In part 1 of this series we took a look at intracellular versus extracellular hydration. In part 2 we covered an experiment where one of our coaches used 3Carb and hooked himself up to a machine that measured his intra- versus extra-cellular hydration. This experiment told us that when we ingest a 3Carb drink as our carb source, the water from the beverage overwhelmingly hydrates our cells instead of spilling over into extracellular stores, ending up in the stomach, or getting removed by the bladder.
So why is this happening? Ingesting carbohydrates aids in the hydration by providing a rise in glucose and subsequently insulin, both of which help shuttle water into the cells. The problem with traditional sports drinks is the spike in blood sugar - because the door is only open while those carbs are active. When the carbs start losing their acute physiological effect (which is rapid with sugar), the door closes and the cells can't take up hydration as readily. Because 3Carb is a (very) complex carbohydrate, it provides a sustained blood sugar response for an extremely long time - and throughout that time, your cells are more receptive to water uptake.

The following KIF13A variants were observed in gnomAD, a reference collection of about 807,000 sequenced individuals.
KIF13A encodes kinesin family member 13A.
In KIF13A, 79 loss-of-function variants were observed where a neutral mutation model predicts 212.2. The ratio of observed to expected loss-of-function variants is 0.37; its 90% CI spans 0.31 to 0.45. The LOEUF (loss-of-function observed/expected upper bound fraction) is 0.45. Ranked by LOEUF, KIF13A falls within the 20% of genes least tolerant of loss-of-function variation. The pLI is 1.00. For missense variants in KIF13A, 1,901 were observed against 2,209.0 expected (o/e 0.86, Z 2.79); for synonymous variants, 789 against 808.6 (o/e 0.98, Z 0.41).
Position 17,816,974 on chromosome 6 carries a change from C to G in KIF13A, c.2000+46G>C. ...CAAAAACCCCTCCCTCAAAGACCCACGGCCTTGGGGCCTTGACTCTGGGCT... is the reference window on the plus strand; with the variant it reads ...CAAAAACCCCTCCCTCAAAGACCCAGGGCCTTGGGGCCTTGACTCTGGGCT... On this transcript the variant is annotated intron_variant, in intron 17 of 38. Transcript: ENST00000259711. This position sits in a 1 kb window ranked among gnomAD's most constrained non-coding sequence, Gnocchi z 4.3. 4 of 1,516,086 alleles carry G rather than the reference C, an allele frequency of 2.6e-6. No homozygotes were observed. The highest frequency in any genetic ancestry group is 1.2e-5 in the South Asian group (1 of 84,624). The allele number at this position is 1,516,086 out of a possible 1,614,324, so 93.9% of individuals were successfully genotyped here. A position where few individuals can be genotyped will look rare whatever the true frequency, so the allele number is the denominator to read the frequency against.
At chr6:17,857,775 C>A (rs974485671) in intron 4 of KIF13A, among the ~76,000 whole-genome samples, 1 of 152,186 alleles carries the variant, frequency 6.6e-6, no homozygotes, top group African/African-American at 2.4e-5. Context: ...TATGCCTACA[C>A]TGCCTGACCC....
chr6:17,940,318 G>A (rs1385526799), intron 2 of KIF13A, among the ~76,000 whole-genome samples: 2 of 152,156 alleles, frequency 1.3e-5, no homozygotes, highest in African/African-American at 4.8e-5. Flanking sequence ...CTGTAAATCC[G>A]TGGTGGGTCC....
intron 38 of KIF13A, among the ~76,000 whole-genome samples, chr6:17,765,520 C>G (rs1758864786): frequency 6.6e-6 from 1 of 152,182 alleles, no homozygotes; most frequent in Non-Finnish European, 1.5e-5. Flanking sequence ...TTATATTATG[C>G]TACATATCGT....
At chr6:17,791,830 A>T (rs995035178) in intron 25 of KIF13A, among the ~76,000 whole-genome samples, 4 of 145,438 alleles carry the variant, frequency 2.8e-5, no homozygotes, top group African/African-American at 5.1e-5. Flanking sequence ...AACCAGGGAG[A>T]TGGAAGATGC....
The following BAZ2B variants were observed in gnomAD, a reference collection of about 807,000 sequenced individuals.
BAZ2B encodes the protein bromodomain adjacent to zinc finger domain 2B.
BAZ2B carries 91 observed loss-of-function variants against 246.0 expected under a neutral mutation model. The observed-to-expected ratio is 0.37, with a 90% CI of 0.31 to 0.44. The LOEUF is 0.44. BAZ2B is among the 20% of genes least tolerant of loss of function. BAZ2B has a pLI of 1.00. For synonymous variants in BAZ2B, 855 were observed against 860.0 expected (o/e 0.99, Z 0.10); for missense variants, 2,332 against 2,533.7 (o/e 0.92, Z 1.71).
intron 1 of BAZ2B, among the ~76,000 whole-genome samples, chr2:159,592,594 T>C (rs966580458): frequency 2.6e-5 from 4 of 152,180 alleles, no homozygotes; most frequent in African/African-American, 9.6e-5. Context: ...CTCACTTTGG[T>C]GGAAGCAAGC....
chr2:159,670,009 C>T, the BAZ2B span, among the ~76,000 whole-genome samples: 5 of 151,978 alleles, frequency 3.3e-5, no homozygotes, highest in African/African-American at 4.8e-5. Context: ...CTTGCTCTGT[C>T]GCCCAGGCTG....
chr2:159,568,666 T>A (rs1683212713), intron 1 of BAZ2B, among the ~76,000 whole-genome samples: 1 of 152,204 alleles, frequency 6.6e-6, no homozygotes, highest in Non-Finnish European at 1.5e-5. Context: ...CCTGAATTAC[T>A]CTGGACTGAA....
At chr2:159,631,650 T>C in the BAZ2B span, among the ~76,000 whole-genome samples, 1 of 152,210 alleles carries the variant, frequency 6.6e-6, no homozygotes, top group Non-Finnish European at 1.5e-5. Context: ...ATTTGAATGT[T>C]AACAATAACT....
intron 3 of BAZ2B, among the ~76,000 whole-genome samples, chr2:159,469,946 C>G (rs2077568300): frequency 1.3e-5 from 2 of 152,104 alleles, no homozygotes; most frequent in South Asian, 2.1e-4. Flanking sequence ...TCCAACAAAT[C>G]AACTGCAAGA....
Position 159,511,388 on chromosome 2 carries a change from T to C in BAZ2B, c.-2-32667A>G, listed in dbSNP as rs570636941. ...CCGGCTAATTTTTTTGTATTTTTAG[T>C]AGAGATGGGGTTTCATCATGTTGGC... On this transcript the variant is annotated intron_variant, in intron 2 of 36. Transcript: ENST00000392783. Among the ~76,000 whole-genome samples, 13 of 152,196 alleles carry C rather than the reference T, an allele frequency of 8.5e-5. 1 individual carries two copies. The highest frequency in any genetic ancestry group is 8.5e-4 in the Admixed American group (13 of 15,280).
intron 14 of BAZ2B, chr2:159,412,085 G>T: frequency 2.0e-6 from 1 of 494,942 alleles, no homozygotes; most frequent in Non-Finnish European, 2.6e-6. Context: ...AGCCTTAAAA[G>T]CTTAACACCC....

Let's break this down with an analogy: Imagine a runner going past you with a bag of money, and you're allowed to grab as much as you can. If he sprints by, you can probably grab a handful. If he jogs slowly by, you might be able to grab a few handfuls. But if he jogs slowly by, and you run alongside him at the same pace, you can keep pulling money out of the bag until you've got as much as you can hold. That's what 3Carb does - it allows hydration to take place at a steady rate, and the cells to keep grabbing as much water as they need, for as long as they can. At least, that's what we learned through this (admittedly small) experiment.
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